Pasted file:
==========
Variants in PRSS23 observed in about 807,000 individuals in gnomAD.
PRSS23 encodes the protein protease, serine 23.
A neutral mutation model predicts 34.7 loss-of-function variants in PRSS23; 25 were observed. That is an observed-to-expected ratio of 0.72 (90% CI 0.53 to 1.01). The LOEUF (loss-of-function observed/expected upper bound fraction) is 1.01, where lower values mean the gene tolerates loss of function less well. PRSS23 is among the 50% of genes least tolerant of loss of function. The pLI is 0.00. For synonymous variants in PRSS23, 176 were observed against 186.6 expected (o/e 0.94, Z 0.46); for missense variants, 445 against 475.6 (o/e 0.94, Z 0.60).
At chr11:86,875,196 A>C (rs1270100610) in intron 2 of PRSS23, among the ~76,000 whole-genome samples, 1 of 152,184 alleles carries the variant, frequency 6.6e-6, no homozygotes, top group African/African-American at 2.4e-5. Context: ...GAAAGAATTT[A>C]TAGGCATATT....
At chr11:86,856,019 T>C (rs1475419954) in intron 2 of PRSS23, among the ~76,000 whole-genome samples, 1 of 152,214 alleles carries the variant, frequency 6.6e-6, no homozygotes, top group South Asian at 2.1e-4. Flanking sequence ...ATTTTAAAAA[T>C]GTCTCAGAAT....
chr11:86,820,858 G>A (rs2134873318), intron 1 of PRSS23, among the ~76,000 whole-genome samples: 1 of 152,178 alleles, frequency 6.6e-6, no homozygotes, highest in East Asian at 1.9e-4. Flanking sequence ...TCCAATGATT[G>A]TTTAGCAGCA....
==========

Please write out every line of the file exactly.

Variants in PRSS23 observed in about 807,000 individuals in gnomAD.
PRSS23 encodes the protein protease, serine 23.
A neutral mutation model predicts 34.7 loss-of-function variants in PRSS23; 25 were observed. That is an observed-to-expected ratio of 0.72 (90% CI 0.53 to 1.01). The LOEUF (loss-of-function observed/expected upper bound fraction) is 1.01, where lower values mean the gene tolerates loss of function less well. PRSS23 is among the 50% of genes least tolerant of loss of function. The pLI is 0.00. For synonymous variants in PRSS23, 176 were observed against 186.6 expected (o/e 0.94, Z 0.46); for missense variants, 445 against 475.6 (o/e 0.94, Z 0.60).
At chr11:86,875,196 A>C (rs1270100610) in intron 2 of PRSS23, among the ~76,000 whole-genome samples, 1 of 152,184 alleles carries the variant, frequency 6.6e-6, no homozygotes, top group African/African-American at 2.4e-5. Context: ...GAAAGAATTT[A>C]TAGGCATATT....
At chr11:86,856,019 T>C (rs1475419954) in intron 2 of PRSS23, among the ~76,000 whole-genome samples, 1 of 152,214 alleles carries the variant, frequency 6.6e-6, no homozygotes, top group South Asian at 2.1e-4. Flanking sequence ...ATTTTAAAAA[T>C]GTCTCAGAAT....
chr11:86,820,858 G>A (rs2134873318), intron 1 of PRSS23, among the ~76,000 whole-genome samples: 1 of 152,178 alleles, frequency 6.6e-6, no homozygotes, highest in East Asian at 1.9e-4. Flanking sequence ...TCCAATGATT[G>A]TTTAGCAGCA....